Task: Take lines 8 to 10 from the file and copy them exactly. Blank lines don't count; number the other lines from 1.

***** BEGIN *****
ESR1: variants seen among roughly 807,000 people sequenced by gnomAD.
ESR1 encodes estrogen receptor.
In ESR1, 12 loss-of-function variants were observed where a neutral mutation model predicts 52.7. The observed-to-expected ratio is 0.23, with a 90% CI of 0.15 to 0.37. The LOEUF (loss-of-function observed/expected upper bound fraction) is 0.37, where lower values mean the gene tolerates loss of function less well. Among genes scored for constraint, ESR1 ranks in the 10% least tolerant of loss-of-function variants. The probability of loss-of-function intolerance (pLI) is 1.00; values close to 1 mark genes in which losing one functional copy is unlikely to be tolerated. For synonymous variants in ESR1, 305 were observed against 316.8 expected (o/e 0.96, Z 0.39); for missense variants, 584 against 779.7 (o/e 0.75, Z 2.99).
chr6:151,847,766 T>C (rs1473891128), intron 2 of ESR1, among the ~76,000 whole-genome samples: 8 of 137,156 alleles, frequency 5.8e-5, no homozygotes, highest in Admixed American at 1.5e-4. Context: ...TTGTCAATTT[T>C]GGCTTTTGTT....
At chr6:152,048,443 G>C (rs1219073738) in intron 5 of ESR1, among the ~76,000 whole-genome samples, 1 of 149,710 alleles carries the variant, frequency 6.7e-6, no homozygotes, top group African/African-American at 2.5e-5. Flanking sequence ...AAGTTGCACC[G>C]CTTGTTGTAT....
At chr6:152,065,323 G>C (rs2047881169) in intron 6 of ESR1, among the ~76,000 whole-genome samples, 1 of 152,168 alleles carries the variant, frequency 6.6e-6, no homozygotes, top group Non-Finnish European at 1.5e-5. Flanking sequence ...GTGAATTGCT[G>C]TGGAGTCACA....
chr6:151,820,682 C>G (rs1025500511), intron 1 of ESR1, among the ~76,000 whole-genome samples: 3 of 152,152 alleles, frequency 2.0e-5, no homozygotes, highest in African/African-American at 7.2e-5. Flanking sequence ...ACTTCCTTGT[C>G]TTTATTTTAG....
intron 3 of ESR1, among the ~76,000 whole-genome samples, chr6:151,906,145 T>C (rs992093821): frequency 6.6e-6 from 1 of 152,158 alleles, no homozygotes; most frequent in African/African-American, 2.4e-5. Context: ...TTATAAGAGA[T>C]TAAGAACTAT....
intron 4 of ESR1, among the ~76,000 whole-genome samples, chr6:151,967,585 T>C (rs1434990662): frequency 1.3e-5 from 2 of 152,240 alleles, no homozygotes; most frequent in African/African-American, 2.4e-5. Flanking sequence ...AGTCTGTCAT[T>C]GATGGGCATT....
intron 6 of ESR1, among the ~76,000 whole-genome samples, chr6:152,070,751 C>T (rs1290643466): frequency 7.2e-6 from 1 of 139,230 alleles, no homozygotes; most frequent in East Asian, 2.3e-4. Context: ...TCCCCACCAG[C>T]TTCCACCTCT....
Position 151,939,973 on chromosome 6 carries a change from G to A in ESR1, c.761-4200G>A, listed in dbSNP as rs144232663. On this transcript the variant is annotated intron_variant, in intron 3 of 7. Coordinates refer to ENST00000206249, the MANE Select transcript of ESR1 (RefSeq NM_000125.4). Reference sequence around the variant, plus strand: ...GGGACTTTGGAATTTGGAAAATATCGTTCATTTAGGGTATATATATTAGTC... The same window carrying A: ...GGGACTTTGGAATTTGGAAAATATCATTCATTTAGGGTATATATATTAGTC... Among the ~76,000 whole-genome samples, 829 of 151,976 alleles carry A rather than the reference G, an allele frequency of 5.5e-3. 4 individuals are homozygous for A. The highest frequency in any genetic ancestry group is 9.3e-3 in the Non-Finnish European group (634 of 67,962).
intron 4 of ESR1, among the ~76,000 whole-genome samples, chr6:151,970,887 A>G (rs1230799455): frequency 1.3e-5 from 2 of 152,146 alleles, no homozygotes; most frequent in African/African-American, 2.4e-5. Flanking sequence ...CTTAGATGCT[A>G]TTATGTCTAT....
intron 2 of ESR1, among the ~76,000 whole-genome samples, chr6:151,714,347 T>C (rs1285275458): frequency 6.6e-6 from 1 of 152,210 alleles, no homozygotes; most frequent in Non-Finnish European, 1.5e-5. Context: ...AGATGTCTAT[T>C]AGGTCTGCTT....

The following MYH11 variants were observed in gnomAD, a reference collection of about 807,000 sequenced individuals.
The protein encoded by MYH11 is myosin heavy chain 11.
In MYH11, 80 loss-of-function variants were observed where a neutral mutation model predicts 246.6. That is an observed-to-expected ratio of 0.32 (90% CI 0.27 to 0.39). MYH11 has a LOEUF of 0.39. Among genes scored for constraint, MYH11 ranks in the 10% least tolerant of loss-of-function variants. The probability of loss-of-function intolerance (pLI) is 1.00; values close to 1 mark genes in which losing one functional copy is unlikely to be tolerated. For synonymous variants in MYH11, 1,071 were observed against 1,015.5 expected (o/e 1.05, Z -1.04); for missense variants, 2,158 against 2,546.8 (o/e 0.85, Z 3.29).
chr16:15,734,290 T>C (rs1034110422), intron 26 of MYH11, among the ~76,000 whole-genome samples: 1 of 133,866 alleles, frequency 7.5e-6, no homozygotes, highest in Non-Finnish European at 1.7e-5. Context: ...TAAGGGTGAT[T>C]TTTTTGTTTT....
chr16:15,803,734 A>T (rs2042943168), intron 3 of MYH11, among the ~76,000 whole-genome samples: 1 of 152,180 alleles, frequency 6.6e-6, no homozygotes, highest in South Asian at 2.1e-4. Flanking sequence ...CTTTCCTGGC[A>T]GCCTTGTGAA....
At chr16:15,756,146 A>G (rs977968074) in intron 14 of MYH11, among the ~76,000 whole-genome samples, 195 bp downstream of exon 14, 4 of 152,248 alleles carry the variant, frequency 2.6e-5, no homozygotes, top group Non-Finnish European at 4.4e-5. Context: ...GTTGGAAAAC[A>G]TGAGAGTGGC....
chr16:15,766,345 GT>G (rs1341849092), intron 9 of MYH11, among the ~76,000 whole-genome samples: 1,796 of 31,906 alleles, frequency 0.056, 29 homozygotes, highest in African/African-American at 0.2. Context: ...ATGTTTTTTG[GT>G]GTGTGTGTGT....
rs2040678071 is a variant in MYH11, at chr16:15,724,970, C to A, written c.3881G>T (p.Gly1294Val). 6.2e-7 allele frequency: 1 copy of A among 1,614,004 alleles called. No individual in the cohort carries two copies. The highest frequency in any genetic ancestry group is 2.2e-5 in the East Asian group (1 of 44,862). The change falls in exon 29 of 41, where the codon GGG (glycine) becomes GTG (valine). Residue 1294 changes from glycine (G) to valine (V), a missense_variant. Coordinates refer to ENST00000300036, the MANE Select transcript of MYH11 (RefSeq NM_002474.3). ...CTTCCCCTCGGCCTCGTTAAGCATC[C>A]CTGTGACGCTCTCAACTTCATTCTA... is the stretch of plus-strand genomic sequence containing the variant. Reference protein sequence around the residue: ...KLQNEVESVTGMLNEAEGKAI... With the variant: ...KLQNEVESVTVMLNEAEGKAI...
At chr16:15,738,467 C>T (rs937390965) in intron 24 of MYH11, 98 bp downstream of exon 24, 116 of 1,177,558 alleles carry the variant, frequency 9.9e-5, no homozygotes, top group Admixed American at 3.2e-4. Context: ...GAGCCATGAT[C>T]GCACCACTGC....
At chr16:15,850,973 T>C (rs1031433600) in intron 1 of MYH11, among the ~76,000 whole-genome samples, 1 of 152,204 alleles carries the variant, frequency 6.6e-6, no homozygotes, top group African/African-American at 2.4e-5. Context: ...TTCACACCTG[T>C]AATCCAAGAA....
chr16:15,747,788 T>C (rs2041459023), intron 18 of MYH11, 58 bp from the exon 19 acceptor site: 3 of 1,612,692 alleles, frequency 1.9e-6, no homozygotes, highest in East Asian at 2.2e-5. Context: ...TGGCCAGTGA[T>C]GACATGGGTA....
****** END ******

intron 3 of ESR1, among the ~76,000 whole-genome samples, chr6:151,906,145 T>C (rs992093821): frequency 6.6e-6 from 1 of 152,158 alleles, no homozygotes; most frequent in African/African-American, 2.4e-5. Context: ...TTATAAGAGA[T>C]TAAGAACTAT....
intron 4 of ESR1, among the ~76,000 whole-genome samples, chr6:151,967,585 T>C (rs1434990662): frequency 1.3e-5 from 2 of 152,240 alleles, no homozygotes; most frequent in African/African-American, 2.4e-5. Flanking sequence ...AGTCTGTCAT[T>C]GATGGGCATT....
intron 6 of ESR1, among the ~76,000 whole-genome samples, chr6:152,070,751 C>T (rs1290643466): frequency 7.2e-6 from 1 of 139,230 alleles, no homozygotes; most frequent in East Asian, 2.3e-4. Context: ...TCCCCACCAG[C>T]TTCCACCTCT....